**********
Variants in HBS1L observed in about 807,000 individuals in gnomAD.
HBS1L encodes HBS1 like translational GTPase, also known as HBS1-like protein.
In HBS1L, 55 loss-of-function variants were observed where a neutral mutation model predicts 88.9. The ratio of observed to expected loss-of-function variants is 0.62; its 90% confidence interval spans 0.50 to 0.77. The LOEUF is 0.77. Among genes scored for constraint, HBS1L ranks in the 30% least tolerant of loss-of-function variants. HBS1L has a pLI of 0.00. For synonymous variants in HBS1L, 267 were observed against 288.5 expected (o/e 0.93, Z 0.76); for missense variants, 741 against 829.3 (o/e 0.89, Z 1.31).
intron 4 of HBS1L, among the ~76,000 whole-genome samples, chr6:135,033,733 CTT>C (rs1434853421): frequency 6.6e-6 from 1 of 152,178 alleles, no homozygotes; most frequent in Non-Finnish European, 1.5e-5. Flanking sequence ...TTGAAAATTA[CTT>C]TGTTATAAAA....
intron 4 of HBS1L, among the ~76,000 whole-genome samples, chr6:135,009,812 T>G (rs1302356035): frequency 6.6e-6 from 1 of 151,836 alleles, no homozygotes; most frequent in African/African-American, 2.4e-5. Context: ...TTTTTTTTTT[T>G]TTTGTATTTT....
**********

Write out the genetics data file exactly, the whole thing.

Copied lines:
Variants in HBS1L observed in about 807,000 individuals in gnomAD.
HBS1L encodes HBS1 like translational GTPase, also known as HBS1-like protein.
In HBS1L, 55 loss-of-function variants were observed where a neutral mutation model predicts 88.9. The ratio of observed to expected loss-of-function variants is 0.62; its 90% confidence interval spans 0.50 to 0.77. The LOEUF is 0.77. Among genes scored for constraint, HBS1L ranks in the 30% least tolerant of loss-of-function variants. HBS1L has a pLI of 0.00. For synonymous variants in HBS1L, 267 were observed against 288.5 expected (o/e 0.93, Z 0.76); for missense variants, 741 against 829.3 (o/e 0.89, Z 1.31).
intron 4 of HBS1L, among the ~76,000 whole-genome samples, chr6:135,033,733 CTT>C (rs1434853421): frequency 6.6e-6 from 1 of 152,178 alleles, no homozygotes; most frequent in Non-Finnish European, 1.5e-5. Flanking sequence ...TTGAAAATTA[CTT>C]TGTTATAAAA....
intron 4 of HBS1L, among the ~76,000 whole-genome samples, chr6:135,009,812 T>G (rs1302356035): frequency 6.6e-6 from 1 of 151,836 alleles, no homozygotes; most frequent in African/African-American, 2.4e-5. Context: ...TTTTTTTTTT[T>G]TTTGTATTTT....